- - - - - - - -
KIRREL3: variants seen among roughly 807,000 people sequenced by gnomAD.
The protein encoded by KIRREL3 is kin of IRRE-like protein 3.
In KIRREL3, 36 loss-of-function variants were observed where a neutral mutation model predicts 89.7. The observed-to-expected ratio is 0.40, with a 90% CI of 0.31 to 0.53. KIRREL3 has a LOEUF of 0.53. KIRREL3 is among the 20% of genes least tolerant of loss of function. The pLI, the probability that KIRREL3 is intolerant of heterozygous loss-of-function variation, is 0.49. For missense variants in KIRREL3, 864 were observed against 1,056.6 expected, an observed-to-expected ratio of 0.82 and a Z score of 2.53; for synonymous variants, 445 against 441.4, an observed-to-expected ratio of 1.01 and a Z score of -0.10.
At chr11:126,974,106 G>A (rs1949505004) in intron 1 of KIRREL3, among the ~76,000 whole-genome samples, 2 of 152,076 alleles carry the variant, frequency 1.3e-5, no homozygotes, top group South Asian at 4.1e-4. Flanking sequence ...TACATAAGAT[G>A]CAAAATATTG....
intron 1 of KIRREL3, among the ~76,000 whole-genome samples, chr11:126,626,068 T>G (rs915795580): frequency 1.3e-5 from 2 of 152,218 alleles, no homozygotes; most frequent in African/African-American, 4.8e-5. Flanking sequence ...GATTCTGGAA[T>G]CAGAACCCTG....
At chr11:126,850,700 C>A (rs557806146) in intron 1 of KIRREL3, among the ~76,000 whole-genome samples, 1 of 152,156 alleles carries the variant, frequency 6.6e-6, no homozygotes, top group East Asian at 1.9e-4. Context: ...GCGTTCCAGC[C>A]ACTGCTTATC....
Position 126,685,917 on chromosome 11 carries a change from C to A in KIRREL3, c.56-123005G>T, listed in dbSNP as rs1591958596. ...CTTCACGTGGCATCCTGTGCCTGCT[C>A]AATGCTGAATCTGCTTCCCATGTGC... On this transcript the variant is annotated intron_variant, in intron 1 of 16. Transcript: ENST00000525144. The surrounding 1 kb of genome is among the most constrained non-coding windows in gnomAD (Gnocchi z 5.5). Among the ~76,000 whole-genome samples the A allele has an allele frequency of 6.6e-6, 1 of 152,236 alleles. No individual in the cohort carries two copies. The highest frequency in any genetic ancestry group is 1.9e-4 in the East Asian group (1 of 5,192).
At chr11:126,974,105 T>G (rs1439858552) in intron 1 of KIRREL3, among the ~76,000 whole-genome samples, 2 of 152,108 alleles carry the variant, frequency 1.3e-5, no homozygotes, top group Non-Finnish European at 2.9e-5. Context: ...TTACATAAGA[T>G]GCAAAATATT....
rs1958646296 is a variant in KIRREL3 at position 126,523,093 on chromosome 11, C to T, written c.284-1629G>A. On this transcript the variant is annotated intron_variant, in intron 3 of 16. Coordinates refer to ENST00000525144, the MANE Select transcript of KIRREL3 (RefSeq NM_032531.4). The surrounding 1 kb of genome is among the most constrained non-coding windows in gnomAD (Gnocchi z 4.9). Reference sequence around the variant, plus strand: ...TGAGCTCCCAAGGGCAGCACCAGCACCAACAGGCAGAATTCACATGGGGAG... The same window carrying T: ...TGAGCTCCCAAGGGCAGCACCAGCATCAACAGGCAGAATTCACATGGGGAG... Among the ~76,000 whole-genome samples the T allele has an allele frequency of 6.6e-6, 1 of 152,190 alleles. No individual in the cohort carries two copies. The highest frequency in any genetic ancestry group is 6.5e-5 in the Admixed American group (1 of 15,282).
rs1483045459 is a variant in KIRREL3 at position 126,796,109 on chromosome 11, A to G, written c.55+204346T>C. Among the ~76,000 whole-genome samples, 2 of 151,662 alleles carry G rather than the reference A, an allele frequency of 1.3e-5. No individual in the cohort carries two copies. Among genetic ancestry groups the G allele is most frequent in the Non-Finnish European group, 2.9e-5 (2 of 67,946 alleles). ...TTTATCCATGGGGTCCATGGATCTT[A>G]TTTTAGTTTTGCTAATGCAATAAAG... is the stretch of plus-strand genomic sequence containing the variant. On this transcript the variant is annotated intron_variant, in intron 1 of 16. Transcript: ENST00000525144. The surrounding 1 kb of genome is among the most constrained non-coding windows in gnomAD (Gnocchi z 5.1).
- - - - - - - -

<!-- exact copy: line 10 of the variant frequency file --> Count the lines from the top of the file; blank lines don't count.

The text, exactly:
rs1483045459 is a variant in KIRREL3 at position 126,796,109 on chromosome 11, A to G, written c.55+204346T>C. Among the ~76,000 whole-genome samples, 2 of 151,662 alleles carry G rather than the reference A, an allele frequency of 1.3e-5. No individual in the cohort carries two copies. Among genetic ancestry groups the G allele is most frequent in the Non-Finnish European group, 2.9e-5 (2 of 67,946 alleles). ...TTTATCCATGGGGTCCATGGATCTT[A>G]TTTTAGTTTTGCTAATGCAATAAAG... is the stretch of plus-strand genomic sequence containing the variant. On this transcript the variant is annotated intron_variant, in intron 1 of 16. Transcript: ENST00000525144. The surrounding 1 kb of genome is among the most constrained non-coding windows in gnomAD (Gnocchi z 5.1).